4. ptnozell

    What a timely book to share! I have so many books on my “must read” list, but this just shot to the top. I had no idea that you are bilingual. You are so fortunate to have learned both at a young age and to have had the chance to use your German skills to join the group. Vielen Dank!

  5. Leslie Leibhardt Goodman - Writer

    When I read ‘My Two Blankets’ I was reminded of that time on the playground in Germany. I had a better understanding for what the girl, Cartwheel, in the story experienced. I loved how the girl she met on the playground devised a clever way to teach her English words.

    It seems you know how to speak German, too. I wish my mother were still alive so I could keep in practice. I was able to dust off my German when my husband and I traveled to Austria ten years ago.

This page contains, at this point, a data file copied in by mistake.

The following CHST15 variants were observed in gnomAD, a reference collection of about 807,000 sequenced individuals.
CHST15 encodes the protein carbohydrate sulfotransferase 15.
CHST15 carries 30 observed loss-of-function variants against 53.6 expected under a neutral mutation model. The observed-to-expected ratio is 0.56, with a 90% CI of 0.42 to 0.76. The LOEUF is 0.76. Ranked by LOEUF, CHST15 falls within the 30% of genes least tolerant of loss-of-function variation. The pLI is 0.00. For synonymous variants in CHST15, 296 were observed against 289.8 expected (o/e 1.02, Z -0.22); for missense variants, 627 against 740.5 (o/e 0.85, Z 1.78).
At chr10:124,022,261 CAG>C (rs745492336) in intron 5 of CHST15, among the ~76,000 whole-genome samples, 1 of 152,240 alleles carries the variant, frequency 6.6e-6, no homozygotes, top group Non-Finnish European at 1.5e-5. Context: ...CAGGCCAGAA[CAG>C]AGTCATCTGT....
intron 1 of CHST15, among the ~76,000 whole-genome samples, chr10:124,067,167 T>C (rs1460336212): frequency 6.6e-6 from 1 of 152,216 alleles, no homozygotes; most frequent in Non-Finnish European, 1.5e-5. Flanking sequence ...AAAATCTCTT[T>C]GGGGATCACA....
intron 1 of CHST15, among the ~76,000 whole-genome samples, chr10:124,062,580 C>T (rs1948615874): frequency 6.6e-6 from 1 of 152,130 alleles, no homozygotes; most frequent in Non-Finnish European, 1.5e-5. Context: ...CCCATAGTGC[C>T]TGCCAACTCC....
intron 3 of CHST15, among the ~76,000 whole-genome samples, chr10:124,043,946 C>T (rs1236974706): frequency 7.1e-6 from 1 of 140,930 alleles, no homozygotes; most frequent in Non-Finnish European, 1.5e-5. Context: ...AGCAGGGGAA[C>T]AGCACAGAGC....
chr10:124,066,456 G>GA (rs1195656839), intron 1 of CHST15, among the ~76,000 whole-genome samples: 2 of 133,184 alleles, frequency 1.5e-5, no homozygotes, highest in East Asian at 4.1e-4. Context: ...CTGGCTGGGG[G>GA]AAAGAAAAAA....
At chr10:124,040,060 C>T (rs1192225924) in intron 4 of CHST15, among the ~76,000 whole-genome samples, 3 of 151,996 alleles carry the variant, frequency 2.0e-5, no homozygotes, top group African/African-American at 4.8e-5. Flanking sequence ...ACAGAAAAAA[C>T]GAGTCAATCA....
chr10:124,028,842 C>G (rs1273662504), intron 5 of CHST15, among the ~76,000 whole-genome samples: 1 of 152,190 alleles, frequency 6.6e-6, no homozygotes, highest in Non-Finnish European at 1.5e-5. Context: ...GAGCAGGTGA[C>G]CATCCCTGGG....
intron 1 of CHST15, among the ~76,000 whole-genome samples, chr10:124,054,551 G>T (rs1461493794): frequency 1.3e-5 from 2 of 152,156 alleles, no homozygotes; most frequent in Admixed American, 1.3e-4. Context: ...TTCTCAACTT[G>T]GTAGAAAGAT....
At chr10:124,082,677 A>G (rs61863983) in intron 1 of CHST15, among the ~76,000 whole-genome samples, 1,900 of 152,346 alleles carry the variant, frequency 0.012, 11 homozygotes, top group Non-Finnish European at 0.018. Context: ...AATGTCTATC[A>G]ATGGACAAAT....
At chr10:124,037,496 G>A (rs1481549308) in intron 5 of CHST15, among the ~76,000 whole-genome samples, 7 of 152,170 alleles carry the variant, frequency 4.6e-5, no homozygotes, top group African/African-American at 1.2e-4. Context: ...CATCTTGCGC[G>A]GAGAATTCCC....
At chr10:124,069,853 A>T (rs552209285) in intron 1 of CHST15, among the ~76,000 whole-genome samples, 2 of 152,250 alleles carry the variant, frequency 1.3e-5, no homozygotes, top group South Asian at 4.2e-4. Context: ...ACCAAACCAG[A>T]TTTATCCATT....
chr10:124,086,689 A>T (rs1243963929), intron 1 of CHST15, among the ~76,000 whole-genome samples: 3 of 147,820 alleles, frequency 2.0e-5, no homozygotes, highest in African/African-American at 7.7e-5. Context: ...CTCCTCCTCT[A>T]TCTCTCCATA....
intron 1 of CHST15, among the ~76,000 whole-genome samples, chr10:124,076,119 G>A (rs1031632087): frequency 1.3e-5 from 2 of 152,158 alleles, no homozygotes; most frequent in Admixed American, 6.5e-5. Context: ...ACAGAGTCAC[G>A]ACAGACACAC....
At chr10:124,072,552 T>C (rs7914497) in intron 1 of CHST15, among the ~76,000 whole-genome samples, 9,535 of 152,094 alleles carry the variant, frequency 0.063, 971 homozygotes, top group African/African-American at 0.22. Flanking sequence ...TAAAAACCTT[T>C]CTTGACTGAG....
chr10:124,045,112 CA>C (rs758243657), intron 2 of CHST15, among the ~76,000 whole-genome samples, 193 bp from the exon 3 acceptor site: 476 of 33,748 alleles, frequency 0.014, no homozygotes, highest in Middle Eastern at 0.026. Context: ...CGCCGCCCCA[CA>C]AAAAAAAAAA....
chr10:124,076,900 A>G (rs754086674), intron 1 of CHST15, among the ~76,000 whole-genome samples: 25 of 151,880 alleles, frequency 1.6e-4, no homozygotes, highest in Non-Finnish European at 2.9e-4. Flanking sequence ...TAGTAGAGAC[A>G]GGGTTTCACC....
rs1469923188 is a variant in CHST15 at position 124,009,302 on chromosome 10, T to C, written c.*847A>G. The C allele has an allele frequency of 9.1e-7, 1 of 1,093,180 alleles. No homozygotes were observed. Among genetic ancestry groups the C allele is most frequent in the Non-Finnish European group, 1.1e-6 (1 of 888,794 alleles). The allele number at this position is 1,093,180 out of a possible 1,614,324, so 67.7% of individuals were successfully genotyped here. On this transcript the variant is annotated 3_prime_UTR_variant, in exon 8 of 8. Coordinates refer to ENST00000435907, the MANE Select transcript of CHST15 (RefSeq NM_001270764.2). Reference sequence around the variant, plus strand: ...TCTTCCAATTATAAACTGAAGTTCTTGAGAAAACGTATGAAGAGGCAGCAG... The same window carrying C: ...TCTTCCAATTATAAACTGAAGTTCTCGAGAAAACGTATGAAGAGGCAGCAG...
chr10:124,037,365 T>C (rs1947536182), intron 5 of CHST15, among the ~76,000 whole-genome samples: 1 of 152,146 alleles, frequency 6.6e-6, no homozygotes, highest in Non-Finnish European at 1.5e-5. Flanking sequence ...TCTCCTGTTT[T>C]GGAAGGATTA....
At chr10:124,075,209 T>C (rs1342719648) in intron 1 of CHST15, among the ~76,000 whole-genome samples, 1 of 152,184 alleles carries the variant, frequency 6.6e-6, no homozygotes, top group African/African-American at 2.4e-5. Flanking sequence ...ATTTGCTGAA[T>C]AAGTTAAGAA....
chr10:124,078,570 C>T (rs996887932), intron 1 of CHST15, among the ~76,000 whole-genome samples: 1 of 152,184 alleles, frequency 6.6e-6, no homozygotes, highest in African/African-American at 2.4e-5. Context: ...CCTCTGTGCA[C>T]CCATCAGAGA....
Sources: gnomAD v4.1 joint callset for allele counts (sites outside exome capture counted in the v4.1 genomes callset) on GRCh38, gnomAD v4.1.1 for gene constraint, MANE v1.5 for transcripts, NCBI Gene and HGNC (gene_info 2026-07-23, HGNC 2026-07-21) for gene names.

6. Frank

    Greetings from Ohio! I’m bored to tears at work so I decided
    to check out your website on my iphone during lunch
    break. I enjoy the info you provide here and can’t wait to take a look when I get home.
    I’m amazed at how fast your blog loaded on my mobile
    .. I’m not even using WIFI, just 3G .. Anyways, excellent site!

  7. Leslie Leibhardt Goodman - Writer

    Hi, Frank! I have to smile at your message to me. You’re the first to tell me my blog post remedied a boring lunch break. And I’m glad you like my site, too. If you have the chance to read the book I reviewed, I hope you’ll enjoy it.

    Best wishes!

  8. Katrina

    Great post.